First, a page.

Pre-salt heterogeneous carbonate reservoirs typically present long net pays, high production/injection rates and some flow assurance risks. This paper presents general information, results and lessons learned regarding the installation of Intelligent Well Completion (IWC) in Santos Basin Pre-Salt Cluster (SBPSC) wells. It also presents some important improvements to be introduced in the future IWC systems specification and qualification based on the lessons learnt in these projects, setting some new challenges to the industry.
The benefits expected with the use of IWC are achieved at the expense of challenging well engineering, since well completion design becomes more complex and well construction risks increase. Detailed and integrated planning is essential for the success of the operations, starting at the earliest phases of the well design and continued through detailed execution plans. The use of standardized practices and procedures has led to significant increases on installation performance. On the other hand, an open mind and a constant search for improvements allowed new solutions and procedures to be developed throughout the years. Regarding the system integration, a flexible and standardized control architecture was developed to allow combining different IWC providers and subsea vendors, which proved to be a successful approach.
The most important improvement in IWC installation was the anticipation of the acid stimulation, nowadays performed before the vertical Wet Christmas Tree (WCT) installation. In order to achieve this goal some crucial improvements were gradually implemented in the stimulation practices, such as, an initial injectivity increase solution and some new acid diversion solutions, which allowed eliminating the use of coiled tubing and, as a consequence, the need of a subsea test tree. The well design team conducted an integrated risk assessment to properly evaluate the new practices and establish some actions to reduce the risks. Intense communication between production zones was observed during the acid job in some of the initial wells, ruining the gains of the IWC. After a comprehensive analysis, some possible causes were identified and with the new stimulation practices this issue was eliminated.
Over the years, with the introduction of several improvements, some of them presented in this paper, the well completion duration was reduced to less than 50% of the one observed in the initial wells. This major performance increase has been essential to keep this deepwater projects feasible, especially in the oil scenario seen in recent years. Some of the new practices and lessons learned in this 100 wells equipped with IWC has set groundbreaking practices for Brazilian pre-salt fields development and may stand as a reference for the industry in similar deepwater projects. Additional requirements for future systems are expected to improve even further the performance in this scenario.
Hydrocarbon production from Shale formations has become an increasingly significant part of the global energy supply since 2010. With the advent of horizontal drilling and multiple-stage hydraulic fracturing, the Utica Shale, which underlies the Marcellus Shale as a natural source rock, is one of the most promising and productive shale plays in the US. However, very few academic papers discuss its geo-stress, pore pressure, permeability, and corresponding DFIT applications, which are essential for the development of the Utica Shale. The objective of this study is to use Diagnostic Fracture Injection Tests (DFITs) data from the field to analyze minimum in-situ stress, closure pressure, reservoir pore pressure, key reservoir properties and fracture geometry in the Utica Shale by different DFIT interpolation methods. The analysis results are compared and discussed in detail to investigate the features of each DFIT interpolation method. In addition, DFIT numerical simulation based on Variable Compliance Model is performed to predict induced fracture geometry and effective formation permeability in the Utica Shale.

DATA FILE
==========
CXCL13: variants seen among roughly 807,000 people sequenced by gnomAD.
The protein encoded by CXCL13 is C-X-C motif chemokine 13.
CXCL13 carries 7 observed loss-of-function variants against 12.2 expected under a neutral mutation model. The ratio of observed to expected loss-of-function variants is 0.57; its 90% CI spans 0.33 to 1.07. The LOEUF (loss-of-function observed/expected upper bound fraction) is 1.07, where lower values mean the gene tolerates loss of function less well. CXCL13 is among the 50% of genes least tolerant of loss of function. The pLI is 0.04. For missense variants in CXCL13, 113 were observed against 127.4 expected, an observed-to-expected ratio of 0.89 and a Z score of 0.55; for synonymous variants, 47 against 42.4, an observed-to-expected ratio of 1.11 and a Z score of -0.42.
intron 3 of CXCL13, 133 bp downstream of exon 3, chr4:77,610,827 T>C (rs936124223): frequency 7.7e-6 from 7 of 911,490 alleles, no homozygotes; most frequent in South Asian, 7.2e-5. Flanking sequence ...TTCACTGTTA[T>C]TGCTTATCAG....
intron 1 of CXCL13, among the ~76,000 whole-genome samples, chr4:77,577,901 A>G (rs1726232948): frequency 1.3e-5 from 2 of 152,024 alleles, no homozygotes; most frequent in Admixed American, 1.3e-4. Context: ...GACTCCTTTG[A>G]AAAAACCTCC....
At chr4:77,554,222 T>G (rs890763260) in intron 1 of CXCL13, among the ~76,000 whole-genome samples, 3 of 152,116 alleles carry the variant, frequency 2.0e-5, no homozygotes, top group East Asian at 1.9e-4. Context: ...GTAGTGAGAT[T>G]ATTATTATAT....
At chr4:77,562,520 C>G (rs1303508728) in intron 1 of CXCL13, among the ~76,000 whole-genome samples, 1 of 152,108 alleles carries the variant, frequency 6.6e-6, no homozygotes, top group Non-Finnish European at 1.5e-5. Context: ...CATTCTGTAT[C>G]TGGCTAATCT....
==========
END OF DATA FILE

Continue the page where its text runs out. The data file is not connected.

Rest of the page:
DFIT is a commonly applied technique to analyze stress regimes and reservoir properties, while its interpolation can be challenging and difficult for different formations. DFIT interpretation for Shale formations is even more complex. In this study, first overviewing the geology of the Utica Shale and continuing to the summary of DFIT analysis and its governing equations, one can gain a better understanding of the methods and processes used to analyze our DFIT data targeting the Utica Shale. Tangent Line method, Compliance method, and Variable Compliance method are reviewed, and the corresponding assumptions for each method are examined, compared and discussed. Our DFIT data, which is acquired from a horizontal well targeting the Utica Shale, is interpreted by all methods to analyze minimum in-situ stress, closure pressure, initial reservoir pore pressure, key reservoir properties and fracture geometry. The DFIT results are then discussed and compared in detail to investigate the features of each method with its diagnostic signatures. Following that, the induced fracture geometry and the effective formation permeability are predicted by numerical simulation and sensitivity analysis, which also evaluate the impacts of wellbore storage, formation properties and fluid properties on simulated pressure and pressure derivative profiles.
The results from DFIT analysis are very encouraging. The Tangent Line method oversimplified leak off dependence and fracture stiffness, while the obtained minimum in-situ stress, closure pressure, pore pressure, fracture geometry and effective permeability are consistent with the diagnostic plots and our petrophysics studies. The Compliance method is able to identify mechanical closure, but it overestimates the minimum principal stress. The Variable Compliance method can capture the variance in fracture stiffness and pressure dependent leak off during progressive fracture closure, and its estimated closure pressure is an average of the results from the Tangent Line and the Compliance methods. The formation permeability of the Utica Shale is estimated by performing a history match of the pressure and pressure derivative profiles. The physics behind the DFIT simulation and sensitivity analysis is analyzed and discussed in detail. Our study can significantly improve the understanding of pressure/stress regimes, fracture geometry, and reservoir properties in the Utica Shale, as well as features of different DFIT interpolation methods. The knowledge and results demonstrated in this article will indefinitely assist operators in their optimization of multistage fracturing and horizontal drilling design in order to develop the Utica Shale more cost-effectively.